If you work with the right resources, you may learn what is motivating your wife to delay. I have had these situations come up in my mediations. I have found that therapist/coaches are invaluable here. You do need to make sure that your legal interests are not being jeopardized or harmed. So I agree that you should speak to an attorney who can represent you individually (not a neutral). If that attorney understands and appreciates your the reasons you entered into mediation to begin with, s/he will likely agree to communicate with the mediator and/or coach to work on how best to bring a sense of safety and value to your spouse and, if all goes well, bring her back into the process for completion.
Often what happens is that the divorce suddenly becomes real and one spouse is not ready (emotionally) to disengage. It could also be that the "voices" around her, while well-meaning, are undermining the work that has been done thus far. Forcing someone in that situation to do something they are not ready to do rarely ends well - in fact, in one such case, it resulted in the non-moving spouse to hire a shark litigator attorney who cause the costs of the divorce to increase exponentially; most of which, husband had to pay.
I'm not suggesting that you do nothing. I don't know your situation well enough to advise you at all. There are a great many peacemaker attorneys in San Francisco AND some wonderful therapist coaches. Do your research. Talk to your mediator. The process clearly has to be modified. But modify it in a way that puts you in the best position to achieve success as YOU have defined it; not as someone else defines it.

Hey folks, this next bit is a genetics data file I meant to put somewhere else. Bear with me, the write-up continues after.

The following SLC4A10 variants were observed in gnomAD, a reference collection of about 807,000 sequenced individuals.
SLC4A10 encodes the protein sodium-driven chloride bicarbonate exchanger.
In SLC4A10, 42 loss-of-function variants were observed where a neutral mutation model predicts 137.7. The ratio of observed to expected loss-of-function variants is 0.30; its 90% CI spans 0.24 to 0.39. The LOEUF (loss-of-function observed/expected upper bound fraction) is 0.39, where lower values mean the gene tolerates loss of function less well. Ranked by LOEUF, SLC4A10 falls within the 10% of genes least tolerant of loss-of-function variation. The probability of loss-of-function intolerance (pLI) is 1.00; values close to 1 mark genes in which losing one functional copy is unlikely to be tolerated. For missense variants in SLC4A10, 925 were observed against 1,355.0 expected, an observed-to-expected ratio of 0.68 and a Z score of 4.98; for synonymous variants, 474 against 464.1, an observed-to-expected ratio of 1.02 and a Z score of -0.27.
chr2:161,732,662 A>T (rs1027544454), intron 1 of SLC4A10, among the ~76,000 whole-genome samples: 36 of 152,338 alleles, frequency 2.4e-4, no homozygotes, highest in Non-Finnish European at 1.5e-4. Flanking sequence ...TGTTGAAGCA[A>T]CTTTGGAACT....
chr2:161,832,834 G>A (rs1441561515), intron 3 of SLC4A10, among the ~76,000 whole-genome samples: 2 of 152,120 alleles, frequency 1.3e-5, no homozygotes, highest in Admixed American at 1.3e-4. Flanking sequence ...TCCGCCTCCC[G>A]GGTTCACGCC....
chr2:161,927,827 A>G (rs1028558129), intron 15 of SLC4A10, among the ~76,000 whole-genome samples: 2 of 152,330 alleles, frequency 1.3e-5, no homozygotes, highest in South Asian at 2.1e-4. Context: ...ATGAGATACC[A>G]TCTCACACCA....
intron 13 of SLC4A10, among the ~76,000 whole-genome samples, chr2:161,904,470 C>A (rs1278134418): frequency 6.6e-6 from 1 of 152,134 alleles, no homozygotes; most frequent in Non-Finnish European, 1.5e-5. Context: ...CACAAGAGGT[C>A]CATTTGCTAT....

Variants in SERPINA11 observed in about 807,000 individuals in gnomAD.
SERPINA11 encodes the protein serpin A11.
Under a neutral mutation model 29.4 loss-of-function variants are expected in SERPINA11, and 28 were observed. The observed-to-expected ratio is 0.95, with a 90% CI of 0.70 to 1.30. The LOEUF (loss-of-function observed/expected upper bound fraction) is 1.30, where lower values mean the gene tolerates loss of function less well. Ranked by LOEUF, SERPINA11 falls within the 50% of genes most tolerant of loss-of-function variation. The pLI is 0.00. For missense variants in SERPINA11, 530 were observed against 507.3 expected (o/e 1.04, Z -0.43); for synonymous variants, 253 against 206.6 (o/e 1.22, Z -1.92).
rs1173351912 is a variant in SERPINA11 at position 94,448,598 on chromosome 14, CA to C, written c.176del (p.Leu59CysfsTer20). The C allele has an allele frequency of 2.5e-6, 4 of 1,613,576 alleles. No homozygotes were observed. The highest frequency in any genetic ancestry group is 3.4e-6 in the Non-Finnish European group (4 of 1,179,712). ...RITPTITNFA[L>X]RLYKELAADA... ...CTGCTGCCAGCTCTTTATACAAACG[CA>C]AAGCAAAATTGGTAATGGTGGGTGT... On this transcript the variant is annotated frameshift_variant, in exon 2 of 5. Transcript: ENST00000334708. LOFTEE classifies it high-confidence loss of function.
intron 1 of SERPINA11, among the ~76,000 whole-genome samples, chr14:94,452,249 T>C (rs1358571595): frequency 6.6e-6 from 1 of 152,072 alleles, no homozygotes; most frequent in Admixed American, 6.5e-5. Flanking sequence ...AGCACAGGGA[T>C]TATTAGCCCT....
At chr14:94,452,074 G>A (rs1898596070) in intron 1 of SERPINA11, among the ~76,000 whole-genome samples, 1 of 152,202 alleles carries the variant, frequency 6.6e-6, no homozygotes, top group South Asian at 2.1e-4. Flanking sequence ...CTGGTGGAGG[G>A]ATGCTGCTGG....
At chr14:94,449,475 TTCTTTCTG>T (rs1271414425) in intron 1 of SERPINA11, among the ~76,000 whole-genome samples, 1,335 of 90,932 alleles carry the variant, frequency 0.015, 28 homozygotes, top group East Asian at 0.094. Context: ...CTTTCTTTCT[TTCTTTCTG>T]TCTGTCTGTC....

I hope this is helpful to you. If you have other questions, AVVO is a wonderful resource, and you have many more in your area, I'm sure. Just don't lose focus of the big picture.
The best thing you can do at this point is retain your own attorney to advise you. If your wife won't cooperate, a mediator or neutral attorney, who is not representing either of you, is a waste of money. Those kinds of options only work when the parties are willing to work together cooperatively. Your own attorney can help you prepare your paperwork, and get the case moving.
If you elect not to retain your own attorney (which I don't recommend), you'll have to do the rest of the process yourself, without your spouse's cooperation. Prepare and serve your Declaration of Disclosure. File your Declaration re Service of Declaration of Disclosure (Form FL-141). If you need documents or other information from your spouse, you may have to resort to formal discovery, and file a motion to compel if she doesn't respond. When you have everything you need, file an At Issue Memorandum to let the Court know you are ready to proceed. This gets the ball rolling to complete the case. The Court will set a settlement conference date, and both of you will be required to be present. If the case doesn't settle, a trial date will be set.
I do not represent the person who asked this question, and was not given enough information to provide a better answer. The limited information is enough to indicate that a consultation with an attorney in your area is necessary and advised.